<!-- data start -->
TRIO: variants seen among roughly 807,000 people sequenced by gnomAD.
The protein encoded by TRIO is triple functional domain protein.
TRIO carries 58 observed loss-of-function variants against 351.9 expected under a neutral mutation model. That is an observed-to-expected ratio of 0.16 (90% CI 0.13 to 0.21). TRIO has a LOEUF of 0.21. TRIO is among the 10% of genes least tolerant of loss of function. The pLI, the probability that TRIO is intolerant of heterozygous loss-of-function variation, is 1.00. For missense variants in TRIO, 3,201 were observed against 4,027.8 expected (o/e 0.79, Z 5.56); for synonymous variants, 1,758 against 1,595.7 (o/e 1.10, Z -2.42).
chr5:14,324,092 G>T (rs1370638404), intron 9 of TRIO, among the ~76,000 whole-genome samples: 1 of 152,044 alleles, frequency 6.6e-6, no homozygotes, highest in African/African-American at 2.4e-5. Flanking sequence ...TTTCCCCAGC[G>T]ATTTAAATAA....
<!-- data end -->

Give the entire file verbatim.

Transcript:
TRIO: variants seen among roughly 807,000 people sequenced by gnomAD.
The protein encoded by TRIO is triple functional domain protein.
TRIO carries 58 observed loss-of-function variants against 351.9 expected under a neutral mutation model. That is an observed-to-expected ratio of 0.16 (90% CI 0.13 to 0.21). TRIO has a LOEUF of 0.21. TRIO is among the 10% of genes least tolerant of loss of function. The pLI, the probability that TRIO is intolerant of heterozygous loss-of-function variation, is 1.00. For missense variants in TRIO, 3,201 were observed against 4,027.8 expected (o/e 0.79, Z 5.56); for synonymous variants, 1,758 against 1,595.7 (o/e 1.10, Z -2.42).
chr5:14,324,092 G>T (rs1370638404), intron 9 of TRIO, among the ~76,000 whole-genome samples: 1 of 152,044 alleles, frequency 6.6e-6, no homozygotes, highest in African/African-American at 2.4e-5. Flanking sequence ...TTTCCCCAGC[G>T]ATTTAAATAA....